6 Schuett, Robert, ‘Freudian Roots of Political Realism: the Importance of Sigmund Freud to Hans J. Morgenthau's Theory of International Power Politics’, History of the Human Sciences, 20:4 (2007). Schuett, repeats this argument in his recent monograph: Political Realism, Freud, and Human Nature in International Relations. The Resurrection of the Realist Man (Basingstoke: Palgrave Macmillan, 2010).

7 Turner and Mazur interpreted Morgenthau's mentioning of Standortgebundenheit to be referring to Weber. However, the concept of Standortgebundenheit was introduced by Karl Mannheim to German sociology. See Turner and Mazur, ‘Morgenthau as a Weberian Methodologist’, pp. 487–8.

8 In an early manuscript Morgenthau called power to be of ‘durchgehende[r] Geistigkeit’ (absolute intellectuality). Hans J. Morgenthau, ‘Über die Herkunft des Politischen aus dem Wesen des Menschen’, 1930 (Container 151, Manuscript Division, Library of Congress, Washington, DC), p. 43.

9 Morgenthau, Hans J., Scientific Man vs. Power Politics (London: Latimer House, 1947), p. 153.

10 Morgenthau, ‘Über die Herkunft des Politischen aus dem Wesen des Menschen’, p. 9; La Notion du ‘Politique’ et la Théorie des Différends Internationaux (Paris: Recueil Sirey, 1933); and ‘Über den Sinn der Wissenschaft in dieser Zeit und über die Bestimmung des Menschen’, 1934 (Container 151, Manuscript Division, Library of Congress, Washington, DC), p. 33. There is no evidence why Morgenthau only negligently defined his concept of power in his English writings. One explanation might be that the term ‘power' in English entails empirical and normative components as power can be used to describe any human effort to achieve a specific end. In German and French, power is more narrowly defined. See Geuss, Raymond, Philosophy and Real Politics (Princeton: Princeton University Press, 2008), p. 27.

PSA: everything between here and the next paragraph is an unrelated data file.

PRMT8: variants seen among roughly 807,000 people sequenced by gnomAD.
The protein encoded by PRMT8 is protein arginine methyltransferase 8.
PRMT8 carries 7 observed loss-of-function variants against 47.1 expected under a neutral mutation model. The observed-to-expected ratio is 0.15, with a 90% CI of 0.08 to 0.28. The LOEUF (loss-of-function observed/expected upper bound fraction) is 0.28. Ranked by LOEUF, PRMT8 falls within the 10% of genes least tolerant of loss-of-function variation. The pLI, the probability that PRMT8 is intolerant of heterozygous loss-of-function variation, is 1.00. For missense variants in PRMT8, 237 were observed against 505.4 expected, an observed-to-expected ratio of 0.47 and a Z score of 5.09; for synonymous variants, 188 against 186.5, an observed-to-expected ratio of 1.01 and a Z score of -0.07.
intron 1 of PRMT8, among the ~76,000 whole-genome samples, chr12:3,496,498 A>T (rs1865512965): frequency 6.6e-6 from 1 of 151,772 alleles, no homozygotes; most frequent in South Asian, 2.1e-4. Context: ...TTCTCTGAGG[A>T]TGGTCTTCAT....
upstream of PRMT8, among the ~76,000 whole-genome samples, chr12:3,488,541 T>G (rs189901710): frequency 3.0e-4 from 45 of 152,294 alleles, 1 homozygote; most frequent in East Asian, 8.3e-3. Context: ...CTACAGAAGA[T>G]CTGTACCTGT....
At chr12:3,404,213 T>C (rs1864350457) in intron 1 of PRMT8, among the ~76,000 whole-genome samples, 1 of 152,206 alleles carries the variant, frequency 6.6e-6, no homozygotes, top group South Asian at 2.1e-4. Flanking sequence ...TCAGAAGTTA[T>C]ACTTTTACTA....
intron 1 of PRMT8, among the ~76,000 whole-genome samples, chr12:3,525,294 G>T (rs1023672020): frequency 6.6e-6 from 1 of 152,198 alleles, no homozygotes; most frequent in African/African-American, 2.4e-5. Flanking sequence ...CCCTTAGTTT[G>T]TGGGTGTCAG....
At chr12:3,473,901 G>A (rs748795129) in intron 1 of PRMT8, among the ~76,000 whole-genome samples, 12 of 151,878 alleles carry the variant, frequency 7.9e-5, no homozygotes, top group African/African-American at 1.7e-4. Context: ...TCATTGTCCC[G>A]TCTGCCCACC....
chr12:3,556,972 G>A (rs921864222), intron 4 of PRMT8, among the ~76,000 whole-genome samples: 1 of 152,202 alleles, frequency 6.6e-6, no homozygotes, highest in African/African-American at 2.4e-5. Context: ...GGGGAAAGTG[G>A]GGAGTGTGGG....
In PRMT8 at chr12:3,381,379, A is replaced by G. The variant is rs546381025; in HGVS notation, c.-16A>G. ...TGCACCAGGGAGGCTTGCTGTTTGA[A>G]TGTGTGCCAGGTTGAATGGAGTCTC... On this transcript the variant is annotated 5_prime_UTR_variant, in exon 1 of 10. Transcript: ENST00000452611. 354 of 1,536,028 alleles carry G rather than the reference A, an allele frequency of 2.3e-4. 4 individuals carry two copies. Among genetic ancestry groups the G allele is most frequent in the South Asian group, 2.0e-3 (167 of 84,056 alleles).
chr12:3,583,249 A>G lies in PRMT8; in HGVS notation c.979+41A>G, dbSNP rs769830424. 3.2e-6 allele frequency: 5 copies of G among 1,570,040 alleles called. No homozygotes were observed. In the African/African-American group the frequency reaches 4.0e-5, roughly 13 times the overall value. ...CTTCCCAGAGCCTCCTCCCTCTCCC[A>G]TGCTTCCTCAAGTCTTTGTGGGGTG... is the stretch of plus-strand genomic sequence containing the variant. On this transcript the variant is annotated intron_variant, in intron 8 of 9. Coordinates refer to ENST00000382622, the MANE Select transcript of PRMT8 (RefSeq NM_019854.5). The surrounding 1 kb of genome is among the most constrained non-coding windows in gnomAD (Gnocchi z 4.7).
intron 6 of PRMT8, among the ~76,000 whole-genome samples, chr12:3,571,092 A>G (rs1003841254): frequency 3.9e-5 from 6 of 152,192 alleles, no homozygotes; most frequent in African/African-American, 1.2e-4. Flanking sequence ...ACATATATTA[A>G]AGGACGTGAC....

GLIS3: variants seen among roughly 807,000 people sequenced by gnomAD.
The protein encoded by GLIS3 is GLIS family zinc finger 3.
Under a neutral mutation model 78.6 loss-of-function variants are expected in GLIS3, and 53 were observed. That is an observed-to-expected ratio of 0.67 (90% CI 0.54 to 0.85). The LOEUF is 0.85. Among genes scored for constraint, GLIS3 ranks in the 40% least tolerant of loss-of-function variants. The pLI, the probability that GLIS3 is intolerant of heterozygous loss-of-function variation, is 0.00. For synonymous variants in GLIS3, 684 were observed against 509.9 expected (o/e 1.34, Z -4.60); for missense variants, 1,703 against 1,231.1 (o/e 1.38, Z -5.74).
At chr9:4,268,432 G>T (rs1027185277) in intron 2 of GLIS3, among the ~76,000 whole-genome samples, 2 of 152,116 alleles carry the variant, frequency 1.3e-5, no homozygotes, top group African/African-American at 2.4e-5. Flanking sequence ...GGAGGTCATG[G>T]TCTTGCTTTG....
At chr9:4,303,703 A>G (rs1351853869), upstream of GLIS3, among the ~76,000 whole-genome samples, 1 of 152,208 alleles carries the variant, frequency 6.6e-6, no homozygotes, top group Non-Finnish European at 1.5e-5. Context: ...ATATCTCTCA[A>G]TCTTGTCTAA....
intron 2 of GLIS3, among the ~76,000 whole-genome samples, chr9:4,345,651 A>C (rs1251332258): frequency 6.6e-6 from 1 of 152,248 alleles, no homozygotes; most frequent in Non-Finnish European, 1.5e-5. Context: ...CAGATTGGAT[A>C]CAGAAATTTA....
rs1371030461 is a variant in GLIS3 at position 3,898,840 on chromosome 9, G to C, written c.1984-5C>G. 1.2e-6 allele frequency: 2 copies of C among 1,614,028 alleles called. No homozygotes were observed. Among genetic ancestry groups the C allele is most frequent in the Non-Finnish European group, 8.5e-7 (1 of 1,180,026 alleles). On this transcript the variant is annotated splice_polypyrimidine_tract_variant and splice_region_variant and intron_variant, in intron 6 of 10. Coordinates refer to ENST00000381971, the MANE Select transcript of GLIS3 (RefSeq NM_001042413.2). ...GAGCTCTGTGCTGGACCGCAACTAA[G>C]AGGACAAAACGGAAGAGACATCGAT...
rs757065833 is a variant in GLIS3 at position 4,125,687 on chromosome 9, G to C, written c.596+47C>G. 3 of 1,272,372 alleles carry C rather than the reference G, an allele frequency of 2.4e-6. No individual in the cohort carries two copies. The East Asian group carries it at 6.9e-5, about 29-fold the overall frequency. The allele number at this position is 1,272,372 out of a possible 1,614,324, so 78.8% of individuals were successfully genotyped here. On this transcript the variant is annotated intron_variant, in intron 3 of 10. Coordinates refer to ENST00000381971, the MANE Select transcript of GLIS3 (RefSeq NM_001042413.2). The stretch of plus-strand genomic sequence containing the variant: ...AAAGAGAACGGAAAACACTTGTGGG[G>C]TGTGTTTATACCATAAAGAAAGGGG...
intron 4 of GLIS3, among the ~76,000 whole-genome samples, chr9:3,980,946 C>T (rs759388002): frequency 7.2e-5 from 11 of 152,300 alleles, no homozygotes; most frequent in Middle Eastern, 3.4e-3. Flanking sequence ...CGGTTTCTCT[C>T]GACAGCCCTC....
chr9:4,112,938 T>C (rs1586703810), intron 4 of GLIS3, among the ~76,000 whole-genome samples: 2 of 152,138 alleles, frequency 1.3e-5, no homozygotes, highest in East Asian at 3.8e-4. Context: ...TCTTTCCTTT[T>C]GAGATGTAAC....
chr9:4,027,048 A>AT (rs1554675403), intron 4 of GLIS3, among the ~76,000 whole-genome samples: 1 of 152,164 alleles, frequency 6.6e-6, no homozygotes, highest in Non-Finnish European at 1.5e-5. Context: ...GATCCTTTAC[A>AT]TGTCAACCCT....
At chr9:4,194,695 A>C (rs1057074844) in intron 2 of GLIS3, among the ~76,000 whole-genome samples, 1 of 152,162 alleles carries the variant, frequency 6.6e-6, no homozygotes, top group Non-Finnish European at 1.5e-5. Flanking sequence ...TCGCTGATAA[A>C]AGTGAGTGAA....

11 This manuscript was Morgenthau's first attempt to further conceptualise the political; a study which he had announced in his doctoral thesis the year before (See Morgenthau, Hans J., Die internationale Rechtspflege, ihr Wesen und ihre Grenzen (Leipzig: Robert Noske, (1929), p. 72). Morgenthau provided a more substantial elaboration with La notion du ‘Politique’ in 1933. The English translation of this book was recently published and I will refer to this translation throughout the rest of the article: Morgenthau, Hans J., The Concept of the Political, ed. Behr, Hartmut and Rösch, Felix (Basingstoke: Palgrave Macmillan, 2012).

12 Morgenthau, ‘Über die Herkunft des Politischen aus dem Wesen des Menschen’, p. 5, author's translation.

13 Ibid., p. 15.

14 Gay, Peter, Freud. A Life of our Time (London: J. M. Dent & Sons, 1988); Scheuerman, William E., ‘Realism and the Left: the Case of Hans J. Morgenthau’, Review of International Studies, 34:1 (2008).

15 Container 151, Manuscript Division, Library of Congress, Washington, DC.

16 Schuett, ‘Freudian Roots of Political Realism’, p. 59.

17 Morgenthau, Hans J., ‘Fragment of an Intellectual Autobiography: 1904–1932’, in Thompson, Kenneth W. and Myers, Robert J. (eds), Truth and Tragedy. A Tribute to Hans J. Morgenthau (New Brunswick: Transaction Books, 1984), p. 14.